The typography cheat sheet — part 1

A comprehensive guide to never-ending typography terminology

Type Terminology — Part 1

The Dunning–Kruger effect applies almost perfectly to anyone learning about typography, at first you feel like you know everything and you think you so why bother learning more, but as your knowledge increase, your confidence level goes down until you finally realise how little you really know. Typography uses a lot of terms that you might not even be aware they exists to only confuse you even further, how practical and useful learning them is, is arguable, but nonetheless if you chose to learn this craft in depth, it can be overwhelming, so to make my life and your easier I’ve created this post to be used as a typography terminology cheat sheet.

I am by no means and expert in the field, this are personal notes I’ve been using to remind myself what each term means as I discover new ones, please feel free to suggest new terms to be added in the comments below.


Term used to refer to the whole family that embodies a set of letters and characters. For example, Papyrus is a -great- typeface.


A specific typeface of a certain body weight and size. For example, Avenir Bold 15pt would be a font.


The standard unit of measure in typography. Like most typography related terms, a “point” has roots in the physical print process so its size varied from 0.14 to 0.4mm since its introduction in the 18th century. In a digital publishing world it has been established that 1pt equals 0.3528mm, so a 12pt font would have a height of roughly 4.2mm. This unit is used to measure the font size, spacings, kerning and other items on a -mostly printed- page. In CSS the abbreviation is “pt”, eg: 15pt.


A pica is another unit of measure in typography, one pica roughly equals 12pt. All design specific applications like Indesign or Photoshop understand the “pica” unit, although it is most commonly used for layout purposes in newspapers, magazines, newsletters, and ad design used to represent fixed horizontal measurements like column width.


As Unicode states a character is “the smallest component of written language that has semantic value”. “A character refers to the abstract meaning rather than a specific shape -see glyphs-”, a type designer does not crate new characters, it creates new ways of representing those characters -glyphs-. Each alphabet has a defined number or characters, these include letters, numbers and grammatical punctuations like comas and full stops as well as other forms of written communication that do not necessarily equate to letters, examples of these are Chinese and Japanese characters. Fun fact, emojis are now officially recognised as characters by Unicode. For those coders out there, characters are the HTML of text and glyphs are the CSS.


A specific visual representation of generally one character, glyphs define how a characters -the content- look like. The opposite can also be true, one single character can be repressed through multiple glyphs.

Two different representations of the same character with value U+1F341


Two or more characters that are combined to create one single glyph. This is font specific and mostly used on proportional type fonts -see bellow-. Most ligatures occur to make the letters more visually appealing on the page, one of the most common ones in the English language is the “fi” and “fl” ligature, the user types in two different letters but only one glyph is created so to the eyes of the computer it counts as only one character.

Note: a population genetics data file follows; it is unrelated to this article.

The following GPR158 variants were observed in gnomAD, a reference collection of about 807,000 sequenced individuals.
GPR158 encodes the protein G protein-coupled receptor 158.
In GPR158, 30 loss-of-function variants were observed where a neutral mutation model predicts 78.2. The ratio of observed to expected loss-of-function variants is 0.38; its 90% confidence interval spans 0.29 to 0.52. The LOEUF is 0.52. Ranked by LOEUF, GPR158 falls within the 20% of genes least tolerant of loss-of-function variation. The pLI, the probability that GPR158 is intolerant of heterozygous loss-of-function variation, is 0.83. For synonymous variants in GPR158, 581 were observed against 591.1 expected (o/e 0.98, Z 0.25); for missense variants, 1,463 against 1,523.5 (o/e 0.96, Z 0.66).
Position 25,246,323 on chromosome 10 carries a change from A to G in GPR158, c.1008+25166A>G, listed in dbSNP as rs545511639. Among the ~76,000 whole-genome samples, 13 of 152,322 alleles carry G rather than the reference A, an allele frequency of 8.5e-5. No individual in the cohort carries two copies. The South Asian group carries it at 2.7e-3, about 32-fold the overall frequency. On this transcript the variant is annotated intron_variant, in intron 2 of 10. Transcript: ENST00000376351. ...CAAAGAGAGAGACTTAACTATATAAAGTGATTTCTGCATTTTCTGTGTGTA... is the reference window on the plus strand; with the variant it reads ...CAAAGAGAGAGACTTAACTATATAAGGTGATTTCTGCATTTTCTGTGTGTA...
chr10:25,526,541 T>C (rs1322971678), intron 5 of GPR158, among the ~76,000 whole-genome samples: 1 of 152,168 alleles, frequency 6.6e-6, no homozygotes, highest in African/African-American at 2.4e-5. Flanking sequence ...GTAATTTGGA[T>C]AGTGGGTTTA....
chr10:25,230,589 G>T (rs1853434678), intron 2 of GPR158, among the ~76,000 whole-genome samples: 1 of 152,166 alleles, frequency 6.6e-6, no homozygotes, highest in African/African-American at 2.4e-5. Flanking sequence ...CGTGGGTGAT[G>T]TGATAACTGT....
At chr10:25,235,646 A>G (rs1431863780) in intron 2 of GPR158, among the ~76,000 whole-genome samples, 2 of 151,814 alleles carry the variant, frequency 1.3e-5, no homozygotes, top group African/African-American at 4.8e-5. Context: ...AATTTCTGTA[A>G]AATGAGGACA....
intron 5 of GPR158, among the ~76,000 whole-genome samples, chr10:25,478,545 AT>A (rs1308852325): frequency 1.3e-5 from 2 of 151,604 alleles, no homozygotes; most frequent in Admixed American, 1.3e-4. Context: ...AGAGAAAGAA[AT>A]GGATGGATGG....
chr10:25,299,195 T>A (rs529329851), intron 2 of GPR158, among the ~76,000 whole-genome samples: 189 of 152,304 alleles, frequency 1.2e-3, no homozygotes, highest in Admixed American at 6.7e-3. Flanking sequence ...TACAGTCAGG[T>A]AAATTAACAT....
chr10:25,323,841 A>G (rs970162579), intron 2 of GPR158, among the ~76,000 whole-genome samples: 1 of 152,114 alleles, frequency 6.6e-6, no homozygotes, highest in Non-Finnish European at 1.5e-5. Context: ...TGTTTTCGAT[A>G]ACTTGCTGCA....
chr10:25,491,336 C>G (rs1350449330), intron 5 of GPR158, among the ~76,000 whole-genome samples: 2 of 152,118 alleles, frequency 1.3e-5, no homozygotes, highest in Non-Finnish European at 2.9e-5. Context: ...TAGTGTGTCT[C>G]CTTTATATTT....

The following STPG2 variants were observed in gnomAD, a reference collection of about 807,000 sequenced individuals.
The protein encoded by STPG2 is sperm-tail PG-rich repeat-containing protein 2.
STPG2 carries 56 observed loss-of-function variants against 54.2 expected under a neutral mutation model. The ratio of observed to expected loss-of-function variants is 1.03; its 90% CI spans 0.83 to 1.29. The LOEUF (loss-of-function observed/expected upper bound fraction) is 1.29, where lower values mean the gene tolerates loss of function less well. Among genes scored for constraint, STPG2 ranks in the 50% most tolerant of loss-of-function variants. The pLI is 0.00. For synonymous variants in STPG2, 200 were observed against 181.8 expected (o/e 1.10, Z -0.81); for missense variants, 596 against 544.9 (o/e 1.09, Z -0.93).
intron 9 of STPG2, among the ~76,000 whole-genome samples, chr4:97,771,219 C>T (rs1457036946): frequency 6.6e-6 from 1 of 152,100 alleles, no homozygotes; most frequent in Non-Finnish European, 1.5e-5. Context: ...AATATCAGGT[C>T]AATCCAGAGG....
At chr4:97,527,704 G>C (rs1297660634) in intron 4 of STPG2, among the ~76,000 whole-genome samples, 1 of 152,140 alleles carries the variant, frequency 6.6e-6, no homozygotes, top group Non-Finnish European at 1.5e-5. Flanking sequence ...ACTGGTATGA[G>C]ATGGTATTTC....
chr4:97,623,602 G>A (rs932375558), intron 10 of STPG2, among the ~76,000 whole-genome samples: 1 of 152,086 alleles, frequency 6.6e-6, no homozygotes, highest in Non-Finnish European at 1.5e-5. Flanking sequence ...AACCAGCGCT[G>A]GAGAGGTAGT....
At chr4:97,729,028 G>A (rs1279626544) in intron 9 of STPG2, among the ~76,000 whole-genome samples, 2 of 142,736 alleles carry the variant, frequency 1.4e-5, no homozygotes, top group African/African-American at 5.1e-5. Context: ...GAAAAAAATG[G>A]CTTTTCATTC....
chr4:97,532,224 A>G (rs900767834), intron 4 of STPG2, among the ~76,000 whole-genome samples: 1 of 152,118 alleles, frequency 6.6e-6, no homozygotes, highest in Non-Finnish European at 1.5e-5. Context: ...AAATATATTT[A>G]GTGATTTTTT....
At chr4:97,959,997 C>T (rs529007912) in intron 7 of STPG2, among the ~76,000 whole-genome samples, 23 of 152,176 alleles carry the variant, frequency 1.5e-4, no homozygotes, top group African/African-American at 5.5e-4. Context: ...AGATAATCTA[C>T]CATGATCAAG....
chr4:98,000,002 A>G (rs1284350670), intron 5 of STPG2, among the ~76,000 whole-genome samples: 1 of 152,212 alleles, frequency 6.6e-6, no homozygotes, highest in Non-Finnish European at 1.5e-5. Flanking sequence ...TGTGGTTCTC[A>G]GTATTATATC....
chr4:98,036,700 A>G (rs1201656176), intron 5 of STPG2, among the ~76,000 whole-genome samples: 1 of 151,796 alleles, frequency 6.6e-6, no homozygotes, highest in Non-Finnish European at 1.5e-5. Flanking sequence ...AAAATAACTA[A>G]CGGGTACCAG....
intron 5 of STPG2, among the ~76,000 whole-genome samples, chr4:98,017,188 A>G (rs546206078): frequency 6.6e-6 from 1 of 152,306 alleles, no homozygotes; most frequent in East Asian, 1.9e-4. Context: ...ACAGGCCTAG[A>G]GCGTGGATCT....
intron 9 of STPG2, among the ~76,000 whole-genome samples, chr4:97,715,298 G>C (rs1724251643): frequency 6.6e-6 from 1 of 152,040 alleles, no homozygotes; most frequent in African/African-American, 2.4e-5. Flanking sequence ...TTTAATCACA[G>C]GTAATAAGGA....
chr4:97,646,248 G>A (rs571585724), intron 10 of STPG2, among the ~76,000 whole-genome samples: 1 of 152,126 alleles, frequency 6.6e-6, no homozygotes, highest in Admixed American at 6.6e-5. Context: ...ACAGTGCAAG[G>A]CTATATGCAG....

Unit used to measure the width of a glyph, and therefore refers to the amount of characters used per inch, abbreviated cpi. Fonts can either have a fixed pitch or a proportional pitch.

Proportional Font

A font that does not have a fixed pitch, in other words, a font that contains characters and spacings of different widths. IBM Plex Sans would be an example of a font with a proportionate pitch.

Mono Spaced Font

A font that has a fixed pitch, in other words, a font where all of the characters have the same width and spacings. IBM Plex Mono is an example of a mono-spaced font.


The space between each glyph in a piece of text. Not all letters have the same distance between them, for example the letters “B” and “I” have different dimensions and therefore will also have a different kerning. Can easily be confused witch the pitch, which determines the width of each individual character, instead, kerning refers to the space between those characters.


Unlike kerning, tracking refers to the space between characters in a group, like a word, and not between each character. The tracking is not dependant on the how each character fits next to each other.

Tracking doesn’t really exist on Sketch though…

Serif Fonts

Serif fonts are those that have added ornaments at the end of strokes in the form of tales and knobs. It is common that serif fonts have variable stroke widths.

Examples of Serif fonts

Sans-Serif Fonts

Sans-Serif fonts do not have the extending features at the end of each stroke called “serif” like serif fonts do. Wikipedia does a better job than I could at explaining the origins of the term: “The term comes from the French word sans, meaning ‘without’ and ‘serif’ of uncertain origin, possibly from the Dutch word schreef meaning ‘line’ or pen-stroke.”

Examples of Sans-Serif fonts

🚀 Thanks for reading. I’m a UX designer and an Industrial Design student at Loughborough University. Follow me and join me on this crazy journey where I’ll talk about art, design and technology.